Ever felt overwhelmed by an uncertain future? Do a handstand and think about hugging your big, Italian mama!
I have always been a planner.
As long as I can remember, I have found it ridiculously exciting to make a list over all my plans for the day and then cross them out when accomplished. It has given the day purpose and although the tasks have varied in importance (yes, I have at times written down “eat lunch” when tasks for the day have been scarce…), it has given me a feeling that my day, my week, my life has had meaning and that I have had some kind of control.
This is also reflected in my career. My two gap years after high school were carefully planned out, leaving nothing to coincidences. I started a Bachelor’s program, followed by a Master’s, and when faced with the uncertain future of a fresh graduate, I figured a PhD would probably be a good fit. I was accepted and relieved as I now had a plan for the coming three years.
I would not have to face the uncertainty of not having it all figured out.
That was a year ago.
The plan, however, has changed and I am no longer enrolled in the PhD program.
After a whole lot of unhappiness, self-doubt and uncertainty, I had to take a serious look into what made me so unhappy. This washing-up led to the realization that I was not (said in a very yogic way) being true to myself, and that a big reason for why I was doing a PhD was because I did not know what else to do. I was terrified of the thought of not having a plan, of losing control, and this fear made me choose the safe path rather than going head-first into the hard work and uncertainty embedded in the process of discovering what would be more “me.”
So I quit this summer.
Probably one of the toughest decisions I have ever made, and faced the total new situation of having no plan.
And to be honest, I have never been more scared in my life. These last few months have been an emotional roller coaster on which it has been incredibly hard to hold on. I’ve tried letting go, surrendering to wherever this crazy journey would take me, but letting go in a sharp turn or a steep descent has been a lot more challenging than I’d ever imagined.
Why is it so difficult to just let go? Where does this feeling of losing control come from? Why is it so hard to step out of these old thought patterns and avoid being trapped by them over and over again?
In my quest for answers I have learned a whole lot of things:
I have learned that I have books in my yoga library that I never thought I had. I have learned that Sally Kempton is probably the wisest person on earth. I have learned that running is extremely underrated as a stirring-the-thought-waves-kind-of-remedy. But most of all, I have learned that dealing with fear and uncertainty is a process during which you find the tools that work for you.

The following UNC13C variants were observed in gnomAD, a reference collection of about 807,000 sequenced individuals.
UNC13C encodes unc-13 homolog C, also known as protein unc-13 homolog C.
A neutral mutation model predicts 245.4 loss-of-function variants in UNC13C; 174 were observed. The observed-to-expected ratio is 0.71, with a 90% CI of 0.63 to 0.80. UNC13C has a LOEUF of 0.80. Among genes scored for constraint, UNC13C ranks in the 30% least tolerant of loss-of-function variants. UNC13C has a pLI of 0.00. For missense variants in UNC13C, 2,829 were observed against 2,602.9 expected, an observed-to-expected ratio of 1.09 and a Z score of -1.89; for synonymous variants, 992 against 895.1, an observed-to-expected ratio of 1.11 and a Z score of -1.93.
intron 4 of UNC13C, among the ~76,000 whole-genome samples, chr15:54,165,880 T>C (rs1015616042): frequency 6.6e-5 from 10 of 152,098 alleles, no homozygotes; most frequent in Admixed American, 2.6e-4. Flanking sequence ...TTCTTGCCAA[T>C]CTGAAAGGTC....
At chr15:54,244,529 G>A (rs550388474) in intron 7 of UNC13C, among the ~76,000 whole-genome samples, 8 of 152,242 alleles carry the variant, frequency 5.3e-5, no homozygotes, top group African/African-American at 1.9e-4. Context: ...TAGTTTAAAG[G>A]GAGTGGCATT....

A yoga teacher once told me, when I was working on my handstand and feeling like a sack of potatoes up-side down, that I should try thinking about “hugging my mama.” Obviously, his metaphor was influenced by his Italian origins and reflected the physical action of “hugging” the muscles to the bones in order to get proper alignment in the pose.
The metaphor has been a huge help to my handstand practice ever since but for the past months, with a slightly different meaning than the original one:
I picture being hugged by my big, Italian mama not to get better alignment in the pose but in order to face the fear of falling, of breaking my neck, of crashing into my bedroom table, of letting go, of being a disappointment, of changing a job.
Yes, it might sound silly, but she reflects the grounded security, safety and comfort I need to not only face my fearful challenges in handstand but those in general.
Try it. When feelings of fear and anxiety for an uncertain future gets the upper hand, get on your mat and flip upside down. Your big, Italian mama might help you out!
P.S. And read this article by Sally Kempton for a lil’ help on the side…
Katinka is an adventure-seeking, wine-loving yogini with a passion for the unknown. Her curiosity has led her into many peculiar situations, from having tea with Sudanese ministers and roadtripping through India’s heartland searching for guerrilla soldiers to crossing the Alps on skis. She loves contrasts, which is why you find a mix of high heels, climbing shoes, cowboy hats and yoga mats in her closet, and she strongly believes it enriches her life. When she is not in the classroom teaching French, you will find her climbing a mountain, working on her handstand or under a blanket reading while sipping a tempered Côte de Rhône. Get in touch with her by e-mail or Facebook.
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Ed: Kate Bartolotta